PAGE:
The Teamsters had been aggressive in mobilizing members and ratcheting up pressure on the company in recent months, including picket-line practice and training sessions for strike captains. Mr. O’Brien has frequently referred to corporate leaders as a “white-collar crime syndicate” and argued that “this multibillion-dollar corporation has plenty to give American workers — they just don’t want to.”
UPS moves about one-quarter of the tens of millions of packages shipped in the United States each day, according to the Pitney Bowes Parcel Shipping Index. Its adjusted net income rose more than 70 percent from 2019 to last year, reaching more than $11 billion.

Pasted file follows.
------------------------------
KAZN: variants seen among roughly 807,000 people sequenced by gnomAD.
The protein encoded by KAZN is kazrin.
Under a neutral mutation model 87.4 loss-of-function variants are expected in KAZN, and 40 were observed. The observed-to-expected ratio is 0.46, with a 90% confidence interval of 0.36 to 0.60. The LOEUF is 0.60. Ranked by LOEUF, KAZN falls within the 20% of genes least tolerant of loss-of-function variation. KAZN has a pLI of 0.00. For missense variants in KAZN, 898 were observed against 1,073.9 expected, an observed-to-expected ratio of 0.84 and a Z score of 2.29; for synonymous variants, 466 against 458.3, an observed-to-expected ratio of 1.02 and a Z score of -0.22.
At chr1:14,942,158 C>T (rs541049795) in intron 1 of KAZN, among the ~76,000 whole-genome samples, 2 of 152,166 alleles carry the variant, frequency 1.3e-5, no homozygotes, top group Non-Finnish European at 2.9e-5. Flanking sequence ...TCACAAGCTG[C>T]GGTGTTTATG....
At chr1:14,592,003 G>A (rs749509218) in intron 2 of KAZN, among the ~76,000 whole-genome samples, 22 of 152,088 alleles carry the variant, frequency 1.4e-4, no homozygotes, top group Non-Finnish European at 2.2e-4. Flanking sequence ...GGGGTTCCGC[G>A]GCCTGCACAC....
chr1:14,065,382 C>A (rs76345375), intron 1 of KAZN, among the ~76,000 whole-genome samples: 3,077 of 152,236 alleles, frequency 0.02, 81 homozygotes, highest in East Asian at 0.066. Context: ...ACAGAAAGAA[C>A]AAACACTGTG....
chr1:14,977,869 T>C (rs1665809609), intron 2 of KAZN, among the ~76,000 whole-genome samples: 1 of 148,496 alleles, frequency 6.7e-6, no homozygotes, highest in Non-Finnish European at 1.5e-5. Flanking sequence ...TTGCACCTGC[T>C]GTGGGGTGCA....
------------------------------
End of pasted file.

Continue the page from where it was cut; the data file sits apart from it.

The negotiations on a national contract began in April, and the union announced in mid-June that its members had voted overwhelmingly to authorize a strike.
The two sides resolved many key issues by early July, including eliminating a lower-paid category of full-time driver that had angered many UPS employees, and requiring air conditioning in new trucks to improve heat safety. But then negotiations broke down, with the Teamsters arguing that the company had not offered sufficient improvements in pay for part-time workers, who make up more than half of the union’s UPS members.
Mr. O’Brien and the union spent the next few weeks condemning what they sometimes referred to as “part-time poverty” jobs, before the sides resumed negotiating in late July and quickly finalized a tentative deal.
UPS employees represented by the union began voting on the agreement in early August. While some part-time workers continued to argue that the wage gains should have been even larger and urged a “no” vote, the final margin suggested that most were satisfied with the deal.